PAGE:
Teaching the ABCDE approach: lecture vs. video-based instruction
Mathijs Binkhorst1, Marjolein Linders1, Jos M.T. Draaisma2, Arno F.J. van Heijst1, Marije Hogeveen1
1 Department of Neonatology, 2 Department of Paediatrics, Radboud University Medical Centre Amalia Children’s Hospital, Nijmegen, The Netherlands
Abstract (298 words)
The Airway, Breathing, Circulation, Disability, Exposure (ABCDE) approach is a widely accepted, expert-based algorithm for the management of emergencies in all age categories. Our aim was to evaluate whether video-based instruction is more effective than traditional lecturing in teaching the ABCDE approach.
Materials and methods
A randomised controlled simulation study was performed. Neonatal healthcare providers participated in multiple neonatal advanced life support (NALS) simulation scenarios, using a high-fidelity manikin and realistic training environment. All simulations were videotaped for later assessment. For each training occasion, the instruction method was randomised to an instructional video or a conventional lecture. A researcher, blinded to the received instruction type, evaluated the adherence to the ABCDE approach with an assessment tool specifically designed and tested for this study. The primary outcome was the difference in individual adherence to the ABCDE approach, expressed as percentage score, between groups. Secondary outcomes were the scores of each profession category (nurses, residents/nurse practitioners/physician assistants, fellows/neonatologists) independent of the study groups, and the scores for the domains (A, B, C, D, and E) of the algorithm.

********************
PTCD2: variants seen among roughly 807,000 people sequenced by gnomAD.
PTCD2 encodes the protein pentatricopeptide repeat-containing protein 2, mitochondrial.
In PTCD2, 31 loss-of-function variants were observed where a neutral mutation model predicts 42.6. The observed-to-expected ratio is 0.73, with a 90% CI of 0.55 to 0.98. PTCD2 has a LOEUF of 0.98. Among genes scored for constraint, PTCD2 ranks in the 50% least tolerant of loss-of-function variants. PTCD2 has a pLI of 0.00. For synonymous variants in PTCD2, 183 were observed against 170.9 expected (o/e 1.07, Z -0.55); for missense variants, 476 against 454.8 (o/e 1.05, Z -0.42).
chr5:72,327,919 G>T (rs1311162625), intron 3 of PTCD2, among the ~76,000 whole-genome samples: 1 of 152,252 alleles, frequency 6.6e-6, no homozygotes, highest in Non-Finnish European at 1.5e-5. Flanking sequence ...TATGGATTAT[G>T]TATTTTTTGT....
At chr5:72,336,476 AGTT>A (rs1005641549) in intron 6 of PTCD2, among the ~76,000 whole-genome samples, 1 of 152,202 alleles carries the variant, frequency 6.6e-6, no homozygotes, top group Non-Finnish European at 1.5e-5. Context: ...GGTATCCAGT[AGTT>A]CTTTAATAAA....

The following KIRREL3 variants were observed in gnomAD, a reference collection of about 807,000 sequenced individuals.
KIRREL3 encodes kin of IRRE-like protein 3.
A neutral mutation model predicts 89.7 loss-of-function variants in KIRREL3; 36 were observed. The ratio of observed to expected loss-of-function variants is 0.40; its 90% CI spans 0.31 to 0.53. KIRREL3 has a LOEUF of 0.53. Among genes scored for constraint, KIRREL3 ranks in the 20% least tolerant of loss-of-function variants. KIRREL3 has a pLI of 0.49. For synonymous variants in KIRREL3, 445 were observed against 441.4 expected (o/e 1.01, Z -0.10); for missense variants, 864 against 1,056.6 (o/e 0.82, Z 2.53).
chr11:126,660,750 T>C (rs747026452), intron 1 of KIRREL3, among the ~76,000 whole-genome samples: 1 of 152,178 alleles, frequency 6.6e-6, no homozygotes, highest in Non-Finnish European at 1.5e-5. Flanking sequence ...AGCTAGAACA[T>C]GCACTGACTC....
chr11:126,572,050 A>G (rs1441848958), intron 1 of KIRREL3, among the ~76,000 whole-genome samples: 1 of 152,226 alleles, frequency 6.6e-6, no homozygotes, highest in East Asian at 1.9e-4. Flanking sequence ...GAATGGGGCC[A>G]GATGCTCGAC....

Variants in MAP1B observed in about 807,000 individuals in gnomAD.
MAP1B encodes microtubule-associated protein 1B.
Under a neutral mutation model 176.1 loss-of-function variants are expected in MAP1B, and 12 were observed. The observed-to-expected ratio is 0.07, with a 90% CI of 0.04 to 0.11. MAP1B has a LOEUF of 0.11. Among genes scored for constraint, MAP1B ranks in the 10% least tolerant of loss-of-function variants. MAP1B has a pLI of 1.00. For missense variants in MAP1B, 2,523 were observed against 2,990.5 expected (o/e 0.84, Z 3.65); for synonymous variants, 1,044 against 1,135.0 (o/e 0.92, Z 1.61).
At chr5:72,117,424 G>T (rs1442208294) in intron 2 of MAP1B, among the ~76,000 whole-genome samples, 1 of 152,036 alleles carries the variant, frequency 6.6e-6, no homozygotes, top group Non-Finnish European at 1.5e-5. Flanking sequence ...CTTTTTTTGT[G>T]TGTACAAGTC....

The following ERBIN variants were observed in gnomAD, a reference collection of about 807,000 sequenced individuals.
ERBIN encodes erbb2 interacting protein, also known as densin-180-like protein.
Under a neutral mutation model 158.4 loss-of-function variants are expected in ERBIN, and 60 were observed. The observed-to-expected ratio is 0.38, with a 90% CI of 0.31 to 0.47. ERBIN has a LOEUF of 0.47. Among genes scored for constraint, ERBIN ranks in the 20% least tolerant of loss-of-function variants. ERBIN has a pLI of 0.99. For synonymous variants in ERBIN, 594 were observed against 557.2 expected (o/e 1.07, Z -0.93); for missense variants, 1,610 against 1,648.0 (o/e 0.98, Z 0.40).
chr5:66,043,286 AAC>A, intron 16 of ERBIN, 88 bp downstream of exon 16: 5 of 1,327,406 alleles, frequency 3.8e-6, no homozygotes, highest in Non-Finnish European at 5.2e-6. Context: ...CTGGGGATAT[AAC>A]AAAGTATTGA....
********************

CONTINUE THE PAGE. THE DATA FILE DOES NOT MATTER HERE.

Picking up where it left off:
Seventy-two participants were assessed, resulting in 65 percentage scores (the performance of the 2 nurses in each scenario was combined). Overall mean (SD) percentage score was 31.5% (19.0). The video-based instruction group (28 participants, 22 scores) performed the ABCDE approach significantly better than the lecture group (44 participants, 43 scores), with a mean (SD) score of 38.8% (18.7) and 27.8% (18.2), respectively (p=0.026). The difference in adherence between both groups could mainly be attributed to differences in the adherence to domain B (p=0.023) and C (p=0.007). Residents/nurse practitioners/physician assistants demonstrated better adherence than neonatal nurses.
Video-based instruction was more effective than traditional lecturing in teaching the ABCDE approach during NALS training. Overall adherence to the ABCDE algorithm was low.